not because it pulls me out of the water,
but because it tosses me deeper in,
and I feel I’m no longer trapping myself
in a life the size of a teacup—
no, in this moment I am oceanic,
an Atlantic of joy, a Pacific of wonder
vast enough to hold everything,
and the tide is high
and all that salt only makes me more buoyant
as I play in the generous waves.

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That Song

I want to slip into the song

you sang, the one with verse

about loss. I want to hang

on its notes as if they were branches

I could swing from, want to climb

through its chorus, want to meet it

in its rests, want to offer it tea.

I want to ask the guitar

about your fingers, about

how they knew where

to find the melody. And how?

I want to speak with the loss itself,

want to ask it if it’s sure its lost,

want to offer it a map made of apples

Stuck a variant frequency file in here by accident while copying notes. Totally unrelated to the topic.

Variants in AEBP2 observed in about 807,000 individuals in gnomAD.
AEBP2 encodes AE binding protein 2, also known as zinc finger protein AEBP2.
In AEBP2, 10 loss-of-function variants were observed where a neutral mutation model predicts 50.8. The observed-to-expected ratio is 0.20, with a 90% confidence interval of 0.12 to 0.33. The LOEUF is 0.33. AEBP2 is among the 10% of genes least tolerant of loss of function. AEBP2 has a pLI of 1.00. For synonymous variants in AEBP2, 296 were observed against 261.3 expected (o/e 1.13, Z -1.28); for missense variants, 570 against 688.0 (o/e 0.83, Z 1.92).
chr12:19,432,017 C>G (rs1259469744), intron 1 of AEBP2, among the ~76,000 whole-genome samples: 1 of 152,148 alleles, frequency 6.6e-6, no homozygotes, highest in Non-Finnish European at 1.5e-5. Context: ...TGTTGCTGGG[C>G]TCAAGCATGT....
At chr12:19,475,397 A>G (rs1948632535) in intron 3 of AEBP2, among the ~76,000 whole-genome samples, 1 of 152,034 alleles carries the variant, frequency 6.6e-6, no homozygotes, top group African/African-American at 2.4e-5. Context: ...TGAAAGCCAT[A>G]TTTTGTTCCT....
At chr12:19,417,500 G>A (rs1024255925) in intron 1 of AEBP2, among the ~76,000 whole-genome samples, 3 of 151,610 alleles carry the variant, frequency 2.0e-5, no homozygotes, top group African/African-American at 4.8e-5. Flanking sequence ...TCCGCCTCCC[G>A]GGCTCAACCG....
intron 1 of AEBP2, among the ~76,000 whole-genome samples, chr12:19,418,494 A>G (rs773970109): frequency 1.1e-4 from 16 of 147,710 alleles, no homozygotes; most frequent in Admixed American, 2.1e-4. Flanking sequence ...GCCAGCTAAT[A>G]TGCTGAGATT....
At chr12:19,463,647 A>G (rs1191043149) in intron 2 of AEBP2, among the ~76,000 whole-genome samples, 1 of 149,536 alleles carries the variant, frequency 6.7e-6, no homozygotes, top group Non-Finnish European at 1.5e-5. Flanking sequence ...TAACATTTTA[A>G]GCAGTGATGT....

and wings and moon.

I want to hear the silence after

the song, and then beg it, beg it,

to keep singing.

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Perhaps we stumbled

on the words, perhaps

we forgot a note,

forgot a bridge,

bumbled our entrances,

fumbled our parts,

but we sang, oh yes,

we sang into the low golden light

of summer, sang

because joy, because

harmony, sang because

lonely, because fear,

sang because, tears

spilling down our cheeks,

we could sing, oh friends,

before we said goodbye,

we could sing.


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All day the world improvises

a song for me—song of bickering robins

and whispering grass, bright chime

of a text and gravel trucks that grumble

on the highway as they pass.


The song I would sing for you, let it be

as spontaneous as the chattering

of the cat watching hummingbirds,

as sharp as the flap of the flag in the wind.

Let me not sing the same song I’ve sung before.


This is the time to sing it new, to sing

the song we didn’t know we were brave enough

to sing. This is the time to sing

the most honest song, thorn song,

green song, yelp of relentless shine.


This is the time to sing as if our lives

depend on it, sing the song

that comes out of attending.

Song of pushing through dirt.

Song we don’t know yet.